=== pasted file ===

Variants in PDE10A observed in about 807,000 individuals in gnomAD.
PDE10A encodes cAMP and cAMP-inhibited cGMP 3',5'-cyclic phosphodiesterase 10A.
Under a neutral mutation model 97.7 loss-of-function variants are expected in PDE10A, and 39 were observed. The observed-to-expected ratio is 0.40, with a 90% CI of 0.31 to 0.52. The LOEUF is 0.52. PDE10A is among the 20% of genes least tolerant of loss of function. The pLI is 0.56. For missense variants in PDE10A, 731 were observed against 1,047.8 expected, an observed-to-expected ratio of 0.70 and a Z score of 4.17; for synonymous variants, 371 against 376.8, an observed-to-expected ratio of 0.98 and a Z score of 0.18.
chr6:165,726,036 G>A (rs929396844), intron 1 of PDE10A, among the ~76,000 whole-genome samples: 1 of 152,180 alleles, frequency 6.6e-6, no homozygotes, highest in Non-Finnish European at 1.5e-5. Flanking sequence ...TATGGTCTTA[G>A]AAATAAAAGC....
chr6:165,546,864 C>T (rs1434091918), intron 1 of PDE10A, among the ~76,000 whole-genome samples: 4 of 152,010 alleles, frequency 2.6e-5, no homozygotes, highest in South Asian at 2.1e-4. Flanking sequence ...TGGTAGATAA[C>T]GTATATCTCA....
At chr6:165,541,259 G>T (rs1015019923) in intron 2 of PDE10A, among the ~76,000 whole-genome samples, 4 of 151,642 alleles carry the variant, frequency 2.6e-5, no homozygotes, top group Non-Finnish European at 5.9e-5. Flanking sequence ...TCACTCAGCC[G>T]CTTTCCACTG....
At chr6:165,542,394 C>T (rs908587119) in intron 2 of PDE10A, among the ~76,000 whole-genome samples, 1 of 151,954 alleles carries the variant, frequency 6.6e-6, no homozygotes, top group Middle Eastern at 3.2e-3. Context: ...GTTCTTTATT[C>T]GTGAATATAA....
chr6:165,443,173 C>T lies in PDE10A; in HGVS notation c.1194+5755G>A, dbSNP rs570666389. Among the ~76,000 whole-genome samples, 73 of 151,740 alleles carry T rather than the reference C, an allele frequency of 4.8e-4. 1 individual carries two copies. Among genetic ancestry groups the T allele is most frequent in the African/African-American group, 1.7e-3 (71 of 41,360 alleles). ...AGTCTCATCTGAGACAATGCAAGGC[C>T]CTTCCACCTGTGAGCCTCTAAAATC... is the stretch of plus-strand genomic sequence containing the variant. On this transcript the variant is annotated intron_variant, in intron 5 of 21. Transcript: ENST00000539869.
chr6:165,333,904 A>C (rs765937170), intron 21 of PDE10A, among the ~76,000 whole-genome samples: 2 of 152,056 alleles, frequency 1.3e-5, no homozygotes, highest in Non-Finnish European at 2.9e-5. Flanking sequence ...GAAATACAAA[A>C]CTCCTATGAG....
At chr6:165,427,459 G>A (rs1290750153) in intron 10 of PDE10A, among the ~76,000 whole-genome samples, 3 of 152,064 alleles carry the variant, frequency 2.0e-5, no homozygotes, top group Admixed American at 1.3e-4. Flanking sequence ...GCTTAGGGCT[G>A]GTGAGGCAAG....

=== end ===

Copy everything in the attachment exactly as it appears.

Variants in PDE10A observed in about 807,000 individuals in gnomAD.
PDE10A encodes cAMP and cAMP-inhibited cGMP 3',5'-cyclic phosphodiesterase 10A.
Under a neutral mutation model 97.7 loss-of-function variants are expected in PDE10A, and 39 were observed. The observed-to-expected ratio is 0.40, with a 90% CI of 0.31 to 0.52. The LOEUF is 0.52. PDE10A is among the 20% of genes least tolerant of loss of function. The pLI is 0.56. For missense variants in PDE10A, 731 were observed against 1,047.8 expected, an observed-to-expected ratio of 0.70 and a Z score of 4.17; for synonymous variants, 371 against 376.8, an observed-to-expected ratio of 0.98 and a Z score of 0.18.
chr6:165,726,036 G>A (rs929396844), intron 1 of PDE10A, among the ~76,000 whole-genome samples: 1 of 152,180 alleles, frequency 6.6e-6, no homozygotes, highest in Non-Finnish European at 1.5e-5. Flanking sequence ...TATGGTCTTA[G>A]AAATAAAAGC....
chr6:165,546,864 C>T (rs1434091918), intron 1 of PDE10A, among the ~76,000 whole-genome samples: 4 of 152,010 alleles, frequency 2.6e-5, no homozygotes, highest in South Asian at 2.1e-4. Flanking sequence ...TGGTAGATAA[C>T]GTATATCTCA....
At chr6:165,541,259 G>T (rs1015019923) in intron 2 of PDE10A, among the ~76,000 whole-genome samples, 4 of 151,642 alleles carry the variant, frequency 2.6e-5, no homozygotes, top group Non-Finnish European at 5.9e-5. Flanking sequence ...TCACTCAGCC[G>T]CTTTCCACTG....
At chr6:165,542,394 C>T (rs908587119) in intron 2 of PDE10A, among the ~76,000 whole-genome samples, 1 of 151,954 alleles carries the variant, frequency 6.6e-6, no homozygotes, top group Middle Eastern at 3.2e-3. Context: ...GTTCTTTATT[C>T]GTGAATATAA....
chr6:165,443,173 C>T lies in PDE10A; in HGVS notation c.1194+5755G>A, dbSNP rs570666389. Among the ~76,000 whole-genome samples, 73 of 151,740 alleles carry T rather than the reference C, an allele frequency of 4.8e-4. 1 individual carries two copies. Among genetic ancestry groups the T allele is most frequent in the African/African-American group, 1.7e-3 (71 of 41,360 alleles). ...AGTCTCATCTGAGACAATGCAAGGC[C>T]CTTCCACCTGTGAGCCTCTAAAATC... is the stretch of plus-strand genomic sequence containing the variant. On this transcript the variant is annotated intron_variant, in intron 5 of 21. Transcript: ENST00000539869.
chr6:165,333,904 A>C (rs765937170), intron 21 of PDE10A, among the ~76,000 whole-genome samples: 2 of 152,056 alleles, frequency 1.3e-5, no homozygotes, highest in Non-Finnish European at 2.9e-5. Flanking sequence ...GAAATACAAA[A>C]CTCCTATGAG....
At chr6:165,427,459 G>A (rs1290750153) in intron 10 of PDE10A, among the ~76,000 whole-genome samples, 3 of 152,064 alleles carry the variant, frequency 2.0e-5, no homozygotes, top group Admixed American at 1.3e-4. Flanking sequence ...GCTTAGGGCT[G>A]GTGAGGCAAG....